2) In the Financial Times in February 2011, Professor Siegel from the Wharton School talks about the decline in the real yield of TIPS: “Recently, the yields on these bonds have collapsed to levels that would have been uninimaginable just a few years ago. Last October, the real yield on the US 10-year TIPS plunged to 36 basis points.” Professor Siegel argues that an important factor driving this result is the increase in inflation risk. Why do US investors currently perceive that inflation risk is higher than usual? Explain why this increase in inflation risk can lead to (i) an increase in the demand for TIPS relative to bonds; and (ii) a decrease in the TIPS interest rate.

There are two sources of concerns regarding future inflation. First, the central bank has greatly expanded its monetary base during the recent financial crisis—at the end of 2009, its value was close to $2 trillion. For the moment, banks are not aggressively lending, implying that the growth rate of the monetary base is somewhat disconnected from that of the money supply. But failure from the Fed to reduce the monetary base as lending activity resumes may lead to higher inflation. Second, the fiscal position of the US government has deteriorated substantially over the past few years, leading to a downgrade of the credit rating attached to its bonds. If the future growth rate in the economy is not sufficiently high and if the US government is not able to reduce deficits, it may have no option but inflate the debt away.

This will of course lead to higher inflation. Overall, these two issues create important uncertainty about the future path of inflation. Contrary to bonds, TIPS are protected against inflation. If there is higher inflation risk, bonds become riskier relative to TIPS. Using our supply and demand framework, the demand for bonds moves to the left, while the demand for TIPS moves to the right. At the initial price, there is an excess demand for TIPS, driving the TIPS price up and its interest rate down, consistent with Professor Siegel’s arguments. 3) Professor Siegel also argues that: “As economic growth recovers and real rates rise, the price of TIPS will fall.” Can you find a simple explanation of this statement based on our supply and demand framework?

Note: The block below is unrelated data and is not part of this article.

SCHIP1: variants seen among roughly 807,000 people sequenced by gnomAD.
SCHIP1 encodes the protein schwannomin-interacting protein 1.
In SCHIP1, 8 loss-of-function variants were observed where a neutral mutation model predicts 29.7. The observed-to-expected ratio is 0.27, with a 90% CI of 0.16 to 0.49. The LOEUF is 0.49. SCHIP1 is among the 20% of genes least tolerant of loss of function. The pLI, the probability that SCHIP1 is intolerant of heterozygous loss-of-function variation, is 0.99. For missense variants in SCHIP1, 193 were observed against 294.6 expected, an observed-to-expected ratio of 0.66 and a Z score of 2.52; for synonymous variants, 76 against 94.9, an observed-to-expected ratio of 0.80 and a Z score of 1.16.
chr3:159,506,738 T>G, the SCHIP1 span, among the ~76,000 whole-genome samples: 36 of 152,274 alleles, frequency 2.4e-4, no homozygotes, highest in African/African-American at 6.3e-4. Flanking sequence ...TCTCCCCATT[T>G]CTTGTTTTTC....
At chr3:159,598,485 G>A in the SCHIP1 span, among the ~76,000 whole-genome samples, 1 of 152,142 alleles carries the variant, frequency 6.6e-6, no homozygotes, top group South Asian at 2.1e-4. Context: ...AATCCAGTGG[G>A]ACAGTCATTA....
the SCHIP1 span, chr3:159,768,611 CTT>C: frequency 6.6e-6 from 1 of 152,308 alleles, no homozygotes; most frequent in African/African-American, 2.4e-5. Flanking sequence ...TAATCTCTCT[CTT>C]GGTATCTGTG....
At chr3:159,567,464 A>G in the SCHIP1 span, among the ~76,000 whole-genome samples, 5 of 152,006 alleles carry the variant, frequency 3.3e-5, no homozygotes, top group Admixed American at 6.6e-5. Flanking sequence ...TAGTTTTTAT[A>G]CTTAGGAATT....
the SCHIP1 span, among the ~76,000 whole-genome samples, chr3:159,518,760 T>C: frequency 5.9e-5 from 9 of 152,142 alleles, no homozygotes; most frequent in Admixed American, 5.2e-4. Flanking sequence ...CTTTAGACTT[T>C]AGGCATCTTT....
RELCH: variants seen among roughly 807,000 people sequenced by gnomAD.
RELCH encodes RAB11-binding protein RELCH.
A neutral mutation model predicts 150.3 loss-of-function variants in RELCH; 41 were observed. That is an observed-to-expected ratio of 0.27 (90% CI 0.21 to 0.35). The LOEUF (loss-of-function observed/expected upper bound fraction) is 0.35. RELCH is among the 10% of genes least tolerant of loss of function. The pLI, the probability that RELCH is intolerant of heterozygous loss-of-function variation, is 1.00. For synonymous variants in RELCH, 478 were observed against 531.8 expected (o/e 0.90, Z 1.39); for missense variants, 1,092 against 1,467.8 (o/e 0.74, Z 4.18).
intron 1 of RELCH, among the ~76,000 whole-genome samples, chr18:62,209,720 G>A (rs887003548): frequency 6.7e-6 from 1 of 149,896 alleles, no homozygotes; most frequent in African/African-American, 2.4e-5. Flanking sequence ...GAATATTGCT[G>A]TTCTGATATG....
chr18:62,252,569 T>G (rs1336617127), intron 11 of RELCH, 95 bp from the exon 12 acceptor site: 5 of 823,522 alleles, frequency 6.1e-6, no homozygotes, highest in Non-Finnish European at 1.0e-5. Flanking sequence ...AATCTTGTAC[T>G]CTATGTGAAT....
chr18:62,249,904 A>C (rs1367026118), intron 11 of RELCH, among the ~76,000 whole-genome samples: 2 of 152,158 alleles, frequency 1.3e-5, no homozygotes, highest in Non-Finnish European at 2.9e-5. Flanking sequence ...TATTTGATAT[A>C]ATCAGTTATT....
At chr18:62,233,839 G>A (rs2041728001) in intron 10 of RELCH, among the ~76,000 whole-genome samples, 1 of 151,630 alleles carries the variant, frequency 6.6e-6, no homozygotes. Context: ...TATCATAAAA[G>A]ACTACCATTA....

Economic growth means that the business cycle is in an expanding phase. In this case, we can rely on the relation between business cycle expansions and the interest rate seen in class. First, the demand curve for bonds move to the right because of the wealth effect, as people have more money to invest in the capital market (bonds, stocks,…). On the supply side, business cycle expansions are related to an increase in the firms’ expected profitability. As a result, the supply curve moves to the right. Based on empirical evidence, the move of the supply curve tends to be more important than the one observed for the demand. At the initial level of interest rate, there is an excess supply, leading to an decrease in bond price, and an increase in the interest rate. This is consistent with the yield reaction discussed by Professor Siegel.

Bond Market (20 percent)

5 percent for each question Consider the following bonds: Annual interest rate Maturity Annual coupon Price Duration Bond X 5% 8 years 3% 87.1 7.2 Bond Y 8% 3 years 3% 87.1 ?

1) One of your friends tells you: “the fact that the price of these two bonds is the same is not consistent with theory.” Without making any computation, explain whether you agree with your friend.

Your friend is not right. These two bonds are both quoted below par value, because their respective yield to maturity is lower than the coupon rate. If these two bonds had the same maturity, the price of bond Y should be lower than the price of bond X because investors require a higher interest rate to hold bond Y. However, the maturity of bond Y is lower.

Although the annual differential between the interest rate and the coupon rate is higher for bond Y, this differential has to be given during 3 years only. For bond X, the annual differential between the interest rate and the coupon rate is lower, but it has to be given during 8 years. In our case, these two effects (different ratings and different maturities) offset each other and the two prices are exactly the same. The information shown in the table is therefore perfectly consistent with theory. 2) Compute the duration of bond Y and compare it with that of bond X. Is the difference consistent with theory?